The College at Brockport’s 14th Annual Diversity Conference

Building Community Through Diversity: Respecting Difference
Thursday, October 2, 2014

Watch Wade Davis keynote

This year’s theme, “Building Community through Diversity: Respecting Difference,” will highlight diversity as an important value in building and nurturing a community through dialogue that addresses the myriad of challenges facing our society, as well as our growth in understanding and acting upon issues of diversity. Our Conference seeks to promote open-mindedness, celebrate diversity, and promote awareness of divergent views on our college campus and within our community. The conference also serves as a forum in which to establish or enhance self-awareness in relation to community building endeavors.


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Wednesday, October 1st
6:30 PM

Shoulders to Stand On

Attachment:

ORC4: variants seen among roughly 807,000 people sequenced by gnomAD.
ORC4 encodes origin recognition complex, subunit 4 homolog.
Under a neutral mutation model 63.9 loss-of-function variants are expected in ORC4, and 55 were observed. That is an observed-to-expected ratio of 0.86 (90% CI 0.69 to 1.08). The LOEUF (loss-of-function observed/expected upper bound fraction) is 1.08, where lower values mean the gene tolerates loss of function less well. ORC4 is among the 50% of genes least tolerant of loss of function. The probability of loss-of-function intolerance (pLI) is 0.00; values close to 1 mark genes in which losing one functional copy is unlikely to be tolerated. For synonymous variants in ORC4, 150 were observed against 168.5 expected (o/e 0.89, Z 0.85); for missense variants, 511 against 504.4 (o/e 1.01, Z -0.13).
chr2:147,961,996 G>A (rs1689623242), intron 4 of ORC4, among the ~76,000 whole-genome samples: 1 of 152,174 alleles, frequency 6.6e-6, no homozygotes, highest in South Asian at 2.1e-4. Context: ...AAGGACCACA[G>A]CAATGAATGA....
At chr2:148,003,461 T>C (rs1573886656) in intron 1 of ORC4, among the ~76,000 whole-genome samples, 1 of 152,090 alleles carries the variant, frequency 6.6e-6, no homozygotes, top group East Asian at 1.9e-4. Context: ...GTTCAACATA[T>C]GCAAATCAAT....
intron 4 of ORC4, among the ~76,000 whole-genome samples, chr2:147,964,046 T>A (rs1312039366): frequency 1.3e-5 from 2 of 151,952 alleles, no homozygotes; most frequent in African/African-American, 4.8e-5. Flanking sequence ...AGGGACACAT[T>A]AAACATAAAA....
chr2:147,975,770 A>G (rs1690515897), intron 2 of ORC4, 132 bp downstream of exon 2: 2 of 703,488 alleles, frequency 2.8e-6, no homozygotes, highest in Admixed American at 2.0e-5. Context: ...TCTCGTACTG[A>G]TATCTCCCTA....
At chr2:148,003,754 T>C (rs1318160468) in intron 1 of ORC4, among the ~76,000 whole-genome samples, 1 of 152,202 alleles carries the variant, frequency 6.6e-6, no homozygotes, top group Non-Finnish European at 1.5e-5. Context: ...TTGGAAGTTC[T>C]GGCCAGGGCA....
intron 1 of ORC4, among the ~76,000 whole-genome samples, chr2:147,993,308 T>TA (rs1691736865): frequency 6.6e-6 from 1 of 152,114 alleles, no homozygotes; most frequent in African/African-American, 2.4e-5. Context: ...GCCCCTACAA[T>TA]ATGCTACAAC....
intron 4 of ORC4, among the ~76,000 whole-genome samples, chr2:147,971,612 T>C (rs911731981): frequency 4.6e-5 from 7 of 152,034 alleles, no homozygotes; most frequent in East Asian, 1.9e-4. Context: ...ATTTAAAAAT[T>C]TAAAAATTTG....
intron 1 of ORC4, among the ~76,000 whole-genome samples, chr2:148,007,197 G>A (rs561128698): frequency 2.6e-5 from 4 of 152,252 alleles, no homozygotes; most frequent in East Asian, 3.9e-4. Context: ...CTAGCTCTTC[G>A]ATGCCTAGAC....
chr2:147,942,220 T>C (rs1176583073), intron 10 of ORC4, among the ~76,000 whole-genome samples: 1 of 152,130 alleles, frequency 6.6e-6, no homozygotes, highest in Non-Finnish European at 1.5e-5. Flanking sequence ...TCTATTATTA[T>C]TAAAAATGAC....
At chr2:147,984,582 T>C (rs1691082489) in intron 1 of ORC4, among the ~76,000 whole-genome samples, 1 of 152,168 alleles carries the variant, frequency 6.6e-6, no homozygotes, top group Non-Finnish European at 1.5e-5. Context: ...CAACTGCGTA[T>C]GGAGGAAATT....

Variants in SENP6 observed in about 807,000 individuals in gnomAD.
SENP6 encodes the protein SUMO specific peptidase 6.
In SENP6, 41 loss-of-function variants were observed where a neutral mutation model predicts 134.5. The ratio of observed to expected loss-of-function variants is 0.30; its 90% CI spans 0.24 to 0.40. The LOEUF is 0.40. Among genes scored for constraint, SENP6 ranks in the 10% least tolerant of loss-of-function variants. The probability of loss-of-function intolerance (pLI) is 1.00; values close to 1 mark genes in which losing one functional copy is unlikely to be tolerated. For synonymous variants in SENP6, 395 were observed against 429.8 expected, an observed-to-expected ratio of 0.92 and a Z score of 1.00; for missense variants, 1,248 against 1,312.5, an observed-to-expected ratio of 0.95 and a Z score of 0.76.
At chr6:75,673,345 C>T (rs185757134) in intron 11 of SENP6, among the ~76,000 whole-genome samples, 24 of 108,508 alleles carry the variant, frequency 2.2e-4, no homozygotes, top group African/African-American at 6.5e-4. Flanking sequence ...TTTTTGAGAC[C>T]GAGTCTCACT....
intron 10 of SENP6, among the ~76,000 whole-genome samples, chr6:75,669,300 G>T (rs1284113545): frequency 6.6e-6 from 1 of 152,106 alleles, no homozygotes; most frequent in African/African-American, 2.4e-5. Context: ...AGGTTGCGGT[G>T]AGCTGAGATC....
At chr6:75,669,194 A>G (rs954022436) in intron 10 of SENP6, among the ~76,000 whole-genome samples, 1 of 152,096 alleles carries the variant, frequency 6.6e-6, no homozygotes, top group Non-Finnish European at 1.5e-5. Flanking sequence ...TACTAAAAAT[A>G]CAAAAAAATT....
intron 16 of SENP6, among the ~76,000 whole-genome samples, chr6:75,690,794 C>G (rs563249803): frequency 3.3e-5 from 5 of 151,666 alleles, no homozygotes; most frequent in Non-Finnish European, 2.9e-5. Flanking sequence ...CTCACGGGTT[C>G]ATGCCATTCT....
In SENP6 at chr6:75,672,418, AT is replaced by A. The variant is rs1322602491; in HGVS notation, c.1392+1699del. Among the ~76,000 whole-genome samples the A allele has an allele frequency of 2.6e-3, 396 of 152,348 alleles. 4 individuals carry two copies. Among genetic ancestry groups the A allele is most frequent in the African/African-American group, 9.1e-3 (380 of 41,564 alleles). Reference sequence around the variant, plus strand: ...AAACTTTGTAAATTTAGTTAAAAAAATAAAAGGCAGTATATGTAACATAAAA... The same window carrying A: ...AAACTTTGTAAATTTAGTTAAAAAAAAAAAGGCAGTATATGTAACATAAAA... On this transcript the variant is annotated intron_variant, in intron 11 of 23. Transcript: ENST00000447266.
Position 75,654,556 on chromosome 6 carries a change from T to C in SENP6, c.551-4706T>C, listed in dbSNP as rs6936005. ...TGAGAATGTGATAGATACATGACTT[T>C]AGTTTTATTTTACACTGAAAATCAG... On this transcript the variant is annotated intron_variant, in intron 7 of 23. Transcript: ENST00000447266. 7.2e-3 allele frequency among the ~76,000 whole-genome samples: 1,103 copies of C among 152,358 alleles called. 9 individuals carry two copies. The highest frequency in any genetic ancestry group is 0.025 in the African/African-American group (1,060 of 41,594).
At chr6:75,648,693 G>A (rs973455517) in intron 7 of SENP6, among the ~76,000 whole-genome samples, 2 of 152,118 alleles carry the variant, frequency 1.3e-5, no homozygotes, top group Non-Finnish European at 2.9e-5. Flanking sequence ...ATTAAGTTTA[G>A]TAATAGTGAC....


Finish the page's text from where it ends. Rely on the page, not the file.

Evelyn Bailey, Gay Alliance of Western NY

Edwards Hall, Room 103

6:30 PM - 8:30 PM

Shoulders to Stand On , a full length documentary film, captures the stories, struggles and achievements of our gay pioneers, highlights many events that put Rochester, NY in the local and national spotlight, and celebrates the spirit of a community that is bound together with a steadfast sense of pride.

Experience the stories of courage, sacrifice and accomplishments of those whose shoulders we stand on.

Thursday, October 2nd
8:00 AM


The College at Brockport

Seymour College Union, Lobby

8:00 AM - 11:30 AM

Register for the Diversity Conference here.

9:00 AM

Welcome, VIP Greeting

The College at Brockport

Seymour College Union, Ballroom

9:00 AM

Presentation of

  • Diversity Engagement Awards
  • Douglas Feldman LGBTQ Paper Award

Joel Frater, EdD, Assistant Provost for Diversity

William Mitchell, President, Brockport Student Government

John R. Halstead, PhD, President

9:15 AM

Keynote Address

Wade Davis

Seymour College Union, Ballroom

9:15 AM - 10:15 AM